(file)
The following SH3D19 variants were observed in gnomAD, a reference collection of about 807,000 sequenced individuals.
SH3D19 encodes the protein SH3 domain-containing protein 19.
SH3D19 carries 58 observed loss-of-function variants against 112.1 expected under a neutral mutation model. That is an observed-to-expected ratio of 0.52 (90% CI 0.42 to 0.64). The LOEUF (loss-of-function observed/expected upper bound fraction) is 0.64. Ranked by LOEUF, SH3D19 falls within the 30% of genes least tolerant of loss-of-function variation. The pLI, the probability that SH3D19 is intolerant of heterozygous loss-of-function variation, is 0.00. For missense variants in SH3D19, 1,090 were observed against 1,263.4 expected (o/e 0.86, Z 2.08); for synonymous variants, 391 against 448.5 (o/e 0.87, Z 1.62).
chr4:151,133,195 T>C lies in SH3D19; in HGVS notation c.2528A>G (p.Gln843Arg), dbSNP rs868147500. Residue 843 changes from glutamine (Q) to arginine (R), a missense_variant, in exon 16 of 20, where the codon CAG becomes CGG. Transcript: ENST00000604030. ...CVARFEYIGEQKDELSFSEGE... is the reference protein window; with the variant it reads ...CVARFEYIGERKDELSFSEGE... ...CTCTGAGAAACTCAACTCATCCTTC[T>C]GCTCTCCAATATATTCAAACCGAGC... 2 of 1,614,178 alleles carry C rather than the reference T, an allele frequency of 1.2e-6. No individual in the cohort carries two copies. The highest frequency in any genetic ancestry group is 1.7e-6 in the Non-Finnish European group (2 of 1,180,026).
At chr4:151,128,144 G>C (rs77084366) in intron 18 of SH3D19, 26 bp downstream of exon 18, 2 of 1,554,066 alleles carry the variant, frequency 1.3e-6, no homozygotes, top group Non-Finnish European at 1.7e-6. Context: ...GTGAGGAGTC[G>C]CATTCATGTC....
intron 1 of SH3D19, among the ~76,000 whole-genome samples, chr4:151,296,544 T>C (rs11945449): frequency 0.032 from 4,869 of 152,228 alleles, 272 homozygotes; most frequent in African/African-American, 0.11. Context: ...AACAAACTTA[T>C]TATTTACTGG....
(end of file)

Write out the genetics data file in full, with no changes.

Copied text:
The following SH3D19 variants were observed in gnomAD, a reference collection of about 807,000 sequenced individuals.
SH3D19 encodes the protein SH3 domain-containing protein 19.
SH3D19 carries 58 observed loss-of-function variants against 112.1 expected under a neutral mutation model. That is an observed-to-expected ratio of 0.52 (90% CI 0.42 to 0.64). The LOEUF (loss-of-function observed/expected upper bound fraction) is 0.64. Ranked by LOEUF, SH3D19 falls within the 30% of genes least tolerant of loss-of-function variation. The pLI, the probability that SH3D19 is intolerant of heterozygous loss-of-function variation, is 0.00. For missense variants in SH3D19, 1,090 were observed against 1,263.4 expected (o/e 0.86, Z 2.08); for synonymous variants, 391 against 448.5 (o/e 0.87, Z 1.62).
chr4:151,133,195 T>C lies in SH3D19; in HGVS notation c.2528A>G (p.Gln843Arg), dbSNP rs868147500. Residue 843 changes from glutamine (Q) to arginine (R), a missense_variant, in exon 16 of 20, where the codon CAG becomes CGG. Transcript: ENST00000604030. ...CVARFEYIGEQKDELSFSEGE... is the reference protein window; with the variant it reads ...CVARFEYIGERKDELSFSEGE... ...CTCTGAGAAACTCAACTCATCCTTC[T>C]GCTCTCCAATATATTCAAACCGAGC... 2 of 1,614,178 alleles carry C rather than the reference T, an allele frequency of 1.2e-6. No individual in the cohort carries two copies. The highest frequency in any genetic ancestry group is 1.7e-6 in the Non-Finnish European group (2 of 1,180,026).
At chr4:151,128,144 G>C (rs77084366) in intron 18 of SH3D19, 26 bp downstream of exon 18, 2 of 1,554,066 alleles carry the variant, frequency 1.3e-6, no homozygotes, top group Non-Finnish European at 1.7e-6. Context: ...GTGAGGAGTC[G>C]CATTCATGTC....
intron 1 of SH3D19, among the ~76,000 whole-genome samples, chr4:151,296,544 T>C (rs11945449): frequency 0.032 from 4,869 of 152,228 alleles, 272 homozygotes; most frequent in African/African-American, 0.11. Context: ...AACAAACTTA[T>C]TATTTACTGG....